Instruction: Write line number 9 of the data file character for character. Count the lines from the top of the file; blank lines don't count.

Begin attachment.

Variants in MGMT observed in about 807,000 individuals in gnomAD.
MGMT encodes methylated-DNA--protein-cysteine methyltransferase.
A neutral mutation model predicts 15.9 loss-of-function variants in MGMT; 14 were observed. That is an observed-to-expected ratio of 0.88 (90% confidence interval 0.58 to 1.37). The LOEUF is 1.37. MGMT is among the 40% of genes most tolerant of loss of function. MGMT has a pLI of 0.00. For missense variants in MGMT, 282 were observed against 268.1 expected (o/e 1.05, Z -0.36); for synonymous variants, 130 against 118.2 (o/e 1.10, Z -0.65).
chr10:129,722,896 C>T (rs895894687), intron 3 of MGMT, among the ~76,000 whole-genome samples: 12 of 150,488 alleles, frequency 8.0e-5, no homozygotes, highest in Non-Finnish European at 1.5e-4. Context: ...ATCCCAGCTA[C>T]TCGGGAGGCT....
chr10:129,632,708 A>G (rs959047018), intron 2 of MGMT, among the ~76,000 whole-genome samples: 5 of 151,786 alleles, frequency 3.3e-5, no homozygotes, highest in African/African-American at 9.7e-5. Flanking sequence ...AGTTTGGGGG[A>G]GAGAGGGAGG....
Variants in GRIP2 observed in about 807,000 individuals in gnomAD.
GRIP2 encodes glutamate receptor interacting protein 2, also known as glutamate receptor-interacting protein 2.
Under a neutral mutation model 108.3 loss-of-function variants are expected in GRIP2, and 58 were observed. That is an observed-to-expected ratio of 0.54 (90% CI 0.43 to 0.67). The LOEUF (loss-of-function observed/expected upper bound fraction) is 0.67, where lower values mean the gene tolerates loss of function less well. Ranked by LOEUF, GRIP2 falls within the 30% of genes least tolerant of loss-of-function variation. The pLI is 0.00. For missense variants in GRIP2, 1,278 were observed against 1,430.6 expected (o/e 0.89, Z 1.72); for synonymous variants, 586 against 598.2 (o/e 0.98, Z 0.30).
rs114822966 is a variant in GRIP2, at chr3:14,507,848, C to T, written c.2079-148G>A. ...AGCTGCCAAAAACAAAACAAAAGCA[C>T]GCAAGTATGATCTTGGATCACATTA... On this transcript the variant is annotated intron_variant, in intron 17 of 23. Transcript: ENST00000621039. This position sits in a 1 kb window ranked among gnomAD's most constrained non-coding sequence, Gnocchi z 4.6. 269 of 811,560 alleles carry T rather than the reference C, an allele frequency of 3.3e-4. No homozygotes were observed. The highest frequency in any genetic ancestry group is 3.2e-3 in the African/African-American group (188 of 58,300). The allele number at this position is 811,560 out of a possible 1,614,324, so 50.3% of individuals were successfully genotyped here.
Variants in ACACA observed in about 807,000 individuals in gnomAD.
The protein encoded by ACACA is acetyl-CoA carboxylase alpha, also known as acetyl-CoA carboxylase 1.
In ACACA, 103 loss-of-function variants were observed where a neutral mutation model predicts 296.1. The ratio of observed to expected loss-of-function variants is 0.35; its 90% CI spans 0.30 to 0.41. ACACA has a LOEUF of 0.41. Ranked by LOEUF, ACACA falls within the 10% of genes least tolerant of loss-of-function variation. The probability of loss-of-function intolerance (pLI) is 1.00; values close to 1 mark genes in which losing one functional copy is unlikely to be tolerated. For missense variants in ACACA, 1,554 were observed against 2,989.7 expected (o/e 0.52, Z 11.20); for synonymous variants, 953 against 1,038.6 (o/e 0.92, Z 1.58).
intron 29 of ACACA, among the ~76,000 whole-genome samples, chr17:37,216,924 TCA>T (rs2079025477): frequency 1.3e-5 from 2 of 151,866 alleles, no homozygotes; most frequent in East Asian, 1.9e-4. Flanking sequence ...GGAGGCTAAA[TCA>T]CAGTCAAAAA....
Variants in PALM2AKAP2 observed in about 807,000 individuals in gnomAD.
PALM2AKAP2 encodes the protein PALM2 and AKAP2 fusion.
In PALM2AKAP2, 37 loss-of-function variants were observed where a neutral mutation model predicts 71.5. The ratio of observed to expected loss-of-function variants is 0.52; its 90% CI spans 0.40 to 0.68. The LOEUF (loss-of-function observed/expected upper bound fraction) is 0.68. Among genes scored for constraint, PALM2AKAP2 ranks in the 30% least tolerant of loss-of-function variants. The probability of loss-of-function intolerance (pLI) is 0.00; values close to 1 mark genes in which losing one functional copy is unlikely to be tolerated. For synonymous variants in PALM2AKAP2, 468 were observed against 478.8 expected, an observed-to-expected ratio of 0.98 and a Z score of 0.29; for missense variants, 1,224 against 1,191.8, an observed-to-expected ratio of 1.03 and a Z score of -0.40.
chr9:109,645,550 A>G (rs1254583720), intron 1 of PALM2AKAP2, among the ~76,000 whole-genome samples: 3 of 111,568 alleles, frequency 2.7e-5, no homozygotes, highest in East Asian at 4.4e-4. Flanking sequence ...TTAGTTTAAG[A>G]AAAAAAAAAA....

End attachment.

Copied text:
rs114822966 is a variant in GRIP2, at chr3:14,507,848, C to T, written c.2079-148G>A. ...AGCTGCCAAAAACAAAACAAAAGCA[C>T]GCAAGTATGATCTTGGATCACATTA... On this transcript the variant is annotated intron_variant, in intron 17 of 23. Transcript: ENST00000621039. This position sits in a 1 kb window ranked among gnomAD's most constrained non-coding sequence, Gnocchi z 4.6. 269 of 811,560 alleles carry T rather than the reference C, an allele frequency of 3.3e-4. No homozygotes were observed. The highest frequency in any genetic ancestry group is 3.2e-3 in the African/African-American group (188 of 58,300). The allele number at this position is 811,560 out of a possible 1,614,324, so 50.3% of individuals were successfully genotyped here.